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  64. @ 5:43:
    Here's why I said "well sort of."

    No, after having chest reconstruction, you certainly won't grow back your breasts. My step-mom had a mastectomy, which completely removed all breast tissue and made it impossible to grow any kind of breasts, but after having breast reconstruction, she's very happy with herself as a woman.

    Chest reconstruction these days leaves some breast tissue, and some growth might be possible after going off of testosterone. But if someone really regretted having their breasts removed (which doesn't seem to happen, or if it does, then it happens in incredibly small numbers), then they can have breast reconstruction, just like thousands of women who have had breast cancer do. They might even like their new breasts better! They can pick the size they get, the shape, they won't be saggy (at least at first). It will be crazy expensive, but if they were able to afford chest reconstruction in the first place, I'm sure they can find a way to get their breasts back if they change their mind and it's what they need to be happy.

    I'm not saying it's an unfair question. I'm just giving you the answer to the question. Because it's a question that a lot of transguys think about when they are trying to decide if they want to have top surgery, it's not hard to find the answer.

    Oh, yes, some people can still breast feed after top surgery. It depends on the situation. And if a trans person is thinking they want to have kids someday, then that's one of the things they consider when they are looking at top surgery.

    A lot of women who don't have anything done to their breasts can't breast feed for one reason or another. So, there are alternatives that we've figured out through history. It's not hard to deal with if an FtM ends up not being able to breast feed. They might have feelings of inadequacy like other women sometimes do when they can't breastfeed. Or they may just shrug their shoulders and use an easily available alternative, like many other woman who can't breastfeed.

    "Why not just surgically remove the breasts of all females right after they start developing?"

    Because that would be dumb. We know why we have breasts. There are just some people who don't want them. Should they be forced to have breasts? I suspect that some people believe they should. I don't think that's something that should be decided for other people.

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  65. @ 5:44

    If we take your argument to the logical conclusion, then there's lots of things that can't be quantified the way you described. Depression, anxiety, suicidal ideation. Should we question whether those people should be treated? Should we be giving potentially harmful mediations to people who are depressed, when all we have to go on is what they say?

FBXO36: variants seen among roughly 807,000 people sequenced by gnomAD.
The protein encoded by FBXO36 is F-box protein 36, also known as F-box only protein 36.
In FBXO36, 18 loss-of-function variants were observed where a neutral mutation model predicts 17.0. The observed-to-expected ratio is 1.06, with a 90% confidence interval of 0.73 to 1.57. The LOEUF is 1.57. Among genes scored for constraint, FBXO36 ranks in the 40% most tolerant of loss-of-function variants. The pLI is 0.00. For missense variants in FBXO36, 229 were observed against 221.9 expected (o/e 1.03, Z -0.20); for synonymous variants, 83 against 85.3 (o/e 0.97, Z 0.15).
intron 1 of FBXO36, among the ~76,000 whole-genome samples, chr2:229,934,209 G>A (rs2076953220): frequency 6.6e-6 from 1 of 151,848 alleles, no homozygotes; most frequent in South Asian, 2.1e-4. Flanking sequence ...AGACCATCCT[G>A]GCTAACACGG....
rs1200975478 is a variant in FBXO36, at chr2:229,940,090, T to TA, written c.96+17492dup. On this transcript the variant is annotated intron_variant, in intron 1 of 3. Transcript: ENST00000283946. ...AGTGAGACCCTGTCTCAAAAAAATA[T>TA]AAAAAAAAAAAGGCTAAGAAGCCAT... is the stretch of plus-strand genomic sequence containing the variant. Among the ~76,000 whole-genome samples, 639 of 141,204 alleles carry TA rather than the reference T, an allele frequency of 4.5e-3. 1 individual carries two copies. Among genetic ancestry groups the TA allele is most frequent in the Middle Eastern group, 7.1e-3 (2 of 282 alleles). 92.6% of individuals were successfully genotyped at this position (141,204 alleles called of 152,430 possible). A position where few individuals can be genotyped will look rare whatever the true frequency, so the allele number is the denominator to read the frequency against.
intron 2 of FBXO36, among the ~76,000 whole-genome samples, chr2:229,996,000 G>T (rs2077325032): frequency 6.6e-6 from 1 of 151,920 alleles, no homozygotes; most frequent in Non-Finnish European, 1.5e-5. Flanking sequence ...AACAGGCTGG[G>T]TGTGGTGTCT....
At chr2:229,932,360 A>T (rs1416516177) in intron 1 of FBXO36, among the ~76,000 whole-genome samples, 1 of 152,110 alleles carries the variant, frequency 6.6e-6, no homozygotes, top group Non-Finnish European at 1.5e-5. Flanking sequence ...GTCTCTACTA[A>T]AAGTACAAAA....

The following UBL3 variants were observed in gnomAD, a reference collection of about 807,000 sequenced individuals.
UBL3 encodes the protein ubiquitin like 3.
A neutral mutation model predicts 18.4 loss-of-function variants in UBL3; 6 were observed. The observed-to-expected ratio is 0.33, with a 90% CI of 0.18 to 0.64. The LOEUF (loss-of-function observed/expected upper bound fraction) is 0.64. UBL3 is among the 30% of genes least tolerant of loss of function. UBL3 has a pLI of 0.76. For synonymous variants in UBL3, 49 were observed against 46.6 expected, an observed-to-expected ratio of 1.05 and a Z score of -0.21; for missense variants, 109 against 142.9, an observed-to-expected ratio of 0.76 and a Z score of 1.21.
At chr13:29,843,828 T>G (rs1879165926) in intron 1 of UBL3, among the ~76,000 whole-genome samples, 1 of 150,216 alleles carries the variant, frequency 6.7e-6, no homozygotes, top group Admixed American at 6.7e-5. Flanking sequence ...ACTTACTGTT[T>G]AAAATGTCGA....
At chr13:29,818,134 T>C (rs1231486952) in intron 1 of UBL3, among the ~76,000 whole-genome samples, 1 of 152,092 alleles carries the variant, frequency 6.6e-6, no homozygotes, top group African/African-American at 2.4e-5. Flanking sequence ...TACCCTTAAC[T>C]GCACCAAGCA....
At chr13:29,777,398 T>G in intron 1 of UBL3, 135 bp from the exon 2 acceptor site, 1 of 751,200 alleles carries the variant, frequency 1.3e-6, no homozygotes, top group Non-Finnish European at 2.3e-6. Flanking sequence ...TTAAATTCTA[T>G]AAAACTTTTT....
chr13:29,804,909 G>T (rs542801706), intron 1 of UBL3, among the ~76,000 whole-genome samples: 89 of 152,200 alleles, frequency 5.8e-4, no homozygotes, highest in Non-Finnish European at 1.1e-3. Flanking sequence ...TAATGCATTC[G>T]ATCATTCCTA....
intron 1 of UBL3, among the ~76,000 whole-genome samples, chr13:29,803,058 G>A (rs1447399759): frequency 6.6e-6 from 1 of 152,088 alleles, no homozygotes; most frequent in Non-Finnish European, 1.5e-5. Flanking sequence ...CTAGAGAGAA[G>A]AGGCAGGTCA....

Of course, there's more than someone just walking into a doctor's office and saying they're depressed (there should be, at least. Some doctors will prescribe andti-depressants at the drop of a hat). Doctors measure things like how often you feel depressed, do you think of suicide, do you have fatigue, loss of appetite, changes in weight? There's a lot to look at, and a diagoses isn't super simple. A lot of things can cause depression, and there's a lot of ways to try to treat it. Some people will need medication, some are fine with therapy. There are even very new surgical treatments which can help with things like OCD (and like all surgery, it carries risk).

    Getting surgery or hormones for being transgender is a lot more than just walking into a doctor office and saying you want testosterone. It's a lot harder to get hormone therapy than it is to get anti-depressants. I had to see a therapist for a long time before I got a letter from her saying she recommended testosterone.

    And I had to look at things like what gender do I feel like, I did the "real life experience" where you try to pass as the other gender even if you don't look anything like the other gender (and trust me, that's hard).

    And, there is more than one way to transition. Some trans people never use hormones or have surgery.

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  66. @5:58

    Are we talking about the "fifty years isn't that long" thing again?

    You know what else is relatively new? Women voting. I mean, for thousands of years, women couldn't vote in societies where voting was done, but now less than 100 years ago we started letting women vote. I mean, it looks like the results are pretty good so far, but what about women who vote for people like Bush? He won twice in a row. What if the woman's vote is to blame for that?

    And the number of women voting has been increasing, but when we compare that to thousands of years of only men voting... well, a hundred years of women voting means squat.

    That's only one possible ridiculous argument I can make about something being bad just because it only came into existence in recent history. It's not a valid argument to say that transitioning doesn't deserve to exist just because in your estimating, it only has existed recently.

    And I have thought about sex-reconstruction. I have thought about it a lot. Do you really think that trans people don't? Do you think that you're the only one who has looked at all the pictures of the surgeries, read the possible complications that could happen, thought about the implications of what we would do if we had made the wrong decision? You want to create a narrative of trans people being too stupid and ignorant to realize what we're doing to ourselves. That is not the case. I won't say that there aren't people who make mistakes. Mistakes happen in every part of our lives. But we don't throw out a whole identity just because of the possibility that a rare few individuals will make a mistake.